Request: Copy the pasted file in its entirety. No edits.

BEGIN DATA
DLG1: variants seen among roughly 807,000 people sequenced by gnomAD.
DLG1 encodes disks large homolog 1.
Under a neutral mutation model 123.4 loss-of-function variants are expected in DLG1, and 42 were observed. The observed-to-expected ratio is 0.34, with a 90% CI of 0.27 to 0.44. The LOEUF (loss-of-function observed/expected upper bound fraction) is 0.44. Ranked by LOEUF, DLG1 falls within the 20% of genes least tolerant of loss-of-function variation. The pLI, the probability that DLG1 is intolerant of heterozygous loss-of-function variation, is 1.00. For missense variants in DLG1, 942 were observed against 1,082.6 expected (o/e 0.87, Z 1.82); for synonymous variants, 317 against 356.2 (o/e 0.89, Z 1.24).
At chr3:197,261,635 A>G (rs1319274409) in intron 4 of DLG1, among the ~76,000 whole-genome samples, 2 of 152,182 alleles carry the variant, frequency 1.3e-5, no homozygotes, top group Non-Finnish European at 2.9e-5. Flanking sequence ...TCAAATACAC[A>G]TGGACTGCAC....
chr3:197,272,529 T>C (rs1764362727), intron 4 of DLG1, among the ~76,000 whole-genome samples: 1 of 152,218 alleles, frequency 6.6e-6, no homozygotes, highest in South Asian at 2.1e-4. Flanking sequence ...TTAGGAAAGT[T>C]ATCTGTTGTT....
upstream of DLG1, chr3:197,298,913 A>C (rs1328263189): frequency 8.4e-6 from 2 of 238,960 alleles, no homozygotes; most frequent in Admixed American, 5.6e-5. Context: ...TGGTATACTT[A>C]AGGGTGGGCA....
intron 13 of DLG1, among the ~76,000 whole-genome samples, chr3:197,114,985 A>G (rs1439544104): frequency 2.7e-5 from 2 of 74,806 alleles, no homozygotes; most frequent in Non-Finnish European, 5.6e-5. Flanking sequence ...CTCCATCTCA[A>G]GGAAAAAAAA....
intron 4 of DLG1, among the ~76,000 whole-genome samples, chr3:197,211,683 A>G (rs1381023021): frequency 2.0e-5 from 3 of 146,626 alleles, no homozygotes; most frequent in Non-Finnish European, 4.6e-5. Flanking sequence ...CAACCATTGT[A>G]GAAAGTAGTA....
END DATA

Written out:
DLG1: variants seen among roughly 807,000 people sequenced by gnomAD.
DLG1 encodes disks large homolog 1.
Under a neutral mutation model 123.4 loss-of-function variants are expected in DLG1, and 42 were observed. The observed-to-expected ratio is 0.34, with a 90% CI of 0.27 to 0.44. The LOEUF (loss-of-function observed/expected upper bound fraction) is 0.44. Ranked by LOEUF, DLG1 falls within the 20% of genes least tolerant of loss-of-function variation. The pLI, the probability that DLG1 is intolerant of heterozygous loss-of-function variation, is 1.00. For missense variants in DLG1, 942 were observed against 1,082.6 expected (o/e 0.87, Z 1.82); for synonymous variants, 317 against 356.2 (o/e 0.89, Z 1.24).
At chr3:197,261,635 A>G (rs1319274409) in intron 4 of DLG1, among the ~76,000 whole-genome samples, 2 of 152,182 alleles carry the variant, frequency 1.3e-5, no homozygotes, top group Non-Finnish European at 2.9e-5. Flanking sequence ...TCAAATACAC[A>G]TGGACTGCAC....
chr3:197,272,529 T>C (rs1764362727), intron 4 of DLG1, among the ~76,000 whole-genome samples: 1 of 152,218 alleles, frequency 6.6e-6, no homozygotes, highest in South Asian at 2.1e-4. Flanking sequence ...TTAGGAAAGT[T>C]ATCTGTTGTT....
upstream of DLG1, chr3:197,298,913 A>C (rs1328263189): frequency 8.4e-6 from 2 of 238,960 alleles, no homozygotes; most frequent in Admixed American, 5.6e-5. Context: ...TGGTATACTT[A>C]AGGGTGGGCA....
intron 13 of DLG1, among the ~76,000 whole-genome samples, chr3:197,114,985 A>G (rs1439544104): frequency 2.7e-5 from 2 of 74,806 alleles, no homozygotes; most frequent in Non-Finnish European, 5.6e-5. Flanking sequence ...CTCCATCTCA[A>G]GGAAAAAAAA....
intron 4 of DLG1, among the ~76,000 whole-genome samples, chr3:197,211,683 A>G (rs1381023021): frequency 2.0e-5 from 3 of 146,626 alleles, no homozygotes; most frequent in Non-Finnish European, 4.6e-5. Flanking sequence ...CAACCATTGT[A>G]GAAAGTAGTA....